30. Horse Racing has been marginalized a long time now and has fallen from mainstream sports coverage. Those remaining have reduced the sport to a series of figures and statistics to make money at the track. Thus when a star like Zenyatta emerges many in the Horse Racing media don’t know how to respond or capitalize on it. This is something that is quite normal in the NBA or NFL, passionate fans who support their teams. The fact that this occurred because of Zenyatta is a good thing for Horse Racing and would happen more often if sound horses were not prematurely retired to the breeding shed. I don’t doubt that Blame might have built up a following if he had raced in 2011. Or Looking at Lucky. The goal should be to get casual fans to show up at the track to follow their favorites, have a good time and yes, place a few bets. Some of these folks might become horse players and long time fans. That’s how you grow the business. And it doesn’t help when established Handicappers and Writers are being less then gracious and welcoming to the new fans. This is a direct result of how far horse racing has fallen off the map. Imagine horse players taking the fans of Seabiscuit to task in the late 30’s!
    The Bread & Butter players that show up everyday are important and they shouldn’t be penalized by the industry by high take out rates. But new fans are vital to the future of horse racing and the industry should always be willing to welcome everyone, no matter what road they take on the way to the betting windows; whether they bet everyday or show up at the track on big race days.

  31. Francine-you used to be a fan? Sure it wasn’t “until Blame won with Garrett Gomez?”. Lots of teapartiness happening on Blame’s side as well. There are always the loons-on both sides and it seems you are guilty of lumping every one of Z’s fans in same boat-not fair. I “know” she isn’t really dancing and Uncle Mo isn’t texting and know you aren’t fair in your assessment of all of Z’s fans.

  32. Elizabeth, Bravo!!! Well said.
    There is an old sports proverb. “When the focus is mnoney, the athletic performance suffers” or words to similar effect. In horse racing the focus is money on every front. Horse Racing’s focus needs to be producing sound athletes and top notch racing, the public wants to see. This year demonstrated there is interest. Perfect the product{racing} amd the money will follow.

  33. Let me get this straight—you are ‘cranky’ at Zenyatta for among other things not knowing YET if her fans will stay or if any of us will go to a track or place a bet ever again? How is that Zenyatta’s fault? All she could do is draw attention to the sport—it IS up to the sport to do something to keep the interest isn’t it? You are cranky because she might not have singlehandedly solved all of horse racing’s ills?? She brought massive POSITIVE attention to the sport. Not because of a breakdown or drug scandal or betting scandal—ya know not the normal reasons. It really IS up to the sport to capitalize on that-not her or her connections. They’ve done enough for awhile.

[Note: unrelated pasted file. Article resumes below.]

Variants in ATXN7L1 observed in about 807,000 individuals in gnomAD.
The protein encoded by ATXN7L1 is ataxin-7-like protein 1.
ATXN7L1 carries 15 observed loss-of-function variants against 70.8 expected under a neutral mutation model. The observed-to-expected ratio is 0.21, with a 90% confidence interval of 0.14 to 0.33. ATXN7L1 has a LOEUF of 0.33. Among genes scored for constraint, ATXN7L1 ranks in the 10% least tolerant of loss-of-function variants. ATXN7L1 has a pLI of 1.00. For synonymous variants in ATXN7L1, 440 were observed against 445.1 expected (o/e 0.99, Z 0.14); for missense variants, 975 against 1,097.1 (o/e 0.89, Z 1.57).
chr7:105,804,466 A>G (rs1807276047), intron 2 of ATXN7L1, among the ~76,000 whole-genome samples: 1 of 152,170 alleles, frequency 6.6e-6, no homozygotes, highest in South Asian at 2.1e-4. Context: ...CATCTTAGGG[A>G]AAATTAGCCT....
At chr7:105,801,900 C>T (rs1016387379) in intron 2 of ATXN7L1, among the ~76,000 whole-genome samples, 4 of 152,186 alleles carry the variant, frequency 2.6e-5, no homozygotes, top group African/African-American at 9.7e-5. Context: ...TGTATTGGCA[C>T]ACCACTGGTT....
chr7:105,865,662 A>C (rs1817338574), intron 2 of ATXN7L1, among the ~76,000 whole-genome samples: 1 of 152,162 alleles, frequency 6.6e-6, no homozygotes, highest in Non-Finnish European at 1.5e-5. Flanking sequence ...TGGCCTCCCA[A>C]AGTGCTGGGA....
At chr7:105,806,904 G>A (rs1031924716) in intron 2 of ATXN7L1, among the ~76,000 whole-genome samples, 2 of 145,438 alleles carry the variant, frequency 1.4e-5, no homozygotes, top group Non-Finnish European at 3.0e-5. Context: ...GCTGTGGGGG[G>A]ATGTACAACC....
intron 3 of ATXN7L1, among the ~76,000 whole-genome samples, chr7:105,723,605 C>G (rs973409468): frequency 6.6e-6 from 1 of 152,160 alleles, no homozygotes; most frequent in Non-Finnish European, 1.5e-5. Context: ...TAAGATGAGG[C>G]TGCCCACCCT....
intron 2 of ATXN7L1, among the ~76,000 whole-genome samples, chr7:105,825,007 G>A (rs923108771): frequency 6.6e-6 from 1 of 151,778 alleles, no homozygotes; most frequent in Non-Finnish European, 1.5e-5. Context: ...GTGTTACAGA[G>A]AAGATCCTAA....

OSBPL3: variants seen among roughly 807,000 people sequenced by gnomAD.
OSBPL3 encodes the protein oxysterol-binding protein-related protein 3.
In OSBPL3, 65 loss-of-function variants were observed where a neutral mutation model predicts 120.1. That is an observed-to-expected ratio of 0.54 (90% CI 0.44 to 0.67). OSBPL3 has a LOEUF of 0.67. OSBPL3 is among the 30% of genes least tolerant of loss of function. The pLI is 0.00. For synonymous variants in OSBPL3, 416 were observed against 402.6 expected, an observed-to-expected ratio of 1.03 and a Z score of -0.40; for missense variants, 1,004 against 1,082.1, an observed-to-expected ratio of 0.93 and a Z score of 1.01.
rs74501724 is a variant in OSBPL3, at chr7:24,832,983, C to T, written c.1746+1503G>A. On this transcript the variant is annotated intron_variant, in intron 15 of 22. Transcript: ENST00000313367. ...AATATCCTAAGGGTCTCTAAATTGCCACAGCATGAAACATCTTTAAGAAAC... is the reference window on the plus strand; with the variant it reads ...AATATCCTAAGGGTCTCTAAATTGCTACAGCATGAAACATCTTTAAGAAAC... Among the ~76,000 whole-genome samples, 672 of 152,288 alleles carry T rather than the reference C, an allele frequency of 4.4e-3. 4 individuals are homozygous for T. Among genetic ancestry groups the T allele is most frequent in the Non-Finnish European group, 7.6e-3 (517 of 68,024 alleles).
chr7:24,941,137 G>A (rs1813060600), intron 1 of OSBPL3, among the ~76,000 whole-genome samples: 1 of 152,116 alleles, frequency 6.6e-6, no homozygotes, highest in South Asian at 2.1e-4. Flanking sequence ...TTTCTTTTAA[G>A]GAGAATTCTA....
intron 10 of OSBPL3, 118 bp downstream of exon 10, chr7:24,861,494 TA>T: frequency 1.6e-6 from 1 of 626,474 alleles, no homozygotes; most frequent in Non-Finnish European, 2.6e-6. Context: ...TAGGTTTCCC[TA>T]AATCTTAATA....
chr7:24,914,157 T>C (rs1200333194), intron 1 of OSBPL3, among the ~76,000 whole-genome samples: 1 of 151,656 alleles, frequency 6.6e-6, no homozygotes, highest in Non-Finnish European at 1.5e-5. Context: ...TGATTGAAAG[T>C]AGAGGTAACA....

Exactly what did Blame or Hancock do that was so “good for the game”? Why aren’t you crankier about Blame being immediately retired to stud duty? You’re cranky because Zenyatta fans are cranky with non-Z fans? Oh that makes sense. How unifying indeed. You blame “this horse” for a writer who’s work you quote etc taking down a whole group in one fell swoop—now that’s flat dumb—she didn’t make him/her do that—he/she chose to do that and perhaps because of long standing crankiness endured from that group. You going to blame Zenyatta for the Tucson shootings next?
    Blame was a brilliant race horse-brilliant. I made a very strong case for him to be HOY. I made a very strong case for Zenyatta to be HOY. Many of us aren’t cranky or delusional or teaparty fervor fans or as unbending as racing’s resident curmudgeon, Andy Beyer. I’ve heard repeated references to how divisive the Smarty Jones HOY debate was and others. I’ve watched many a writer bemoan Zenyatta or her fans but sure do use her name so they can be assured of readers and then gripe or get cranky when they are disagreed with.
    Zenyatta inspired a lot of us and I made and am making several trips to my nearest race track and spending money there and betting—things I have never done before Zenyatta and might not do much longer with such a GREAT group of people around the sport. Guess we should let them keep it just the way it is. After all it IS thriving that way, isn’t it?

  34. Now, here truly was a Queen. We were never “beaten on the head” with a formulaic advertising campaign by the owners and trainer and jockey of this horse. This horse faced the best, in every one of her races, no cookie cutter racing campaign for her. She put it all out there, even when the race conditions for her were less than ideal. Her talent and ability left us in awe. This is time when a more modest and more respectful owner, trainer, and jockey convinced us of their horse’s ability and greatness. They let the horse do it, and there was never any argument or disagreement by anyone who saw her. No advertising or snow jobs were ever needed.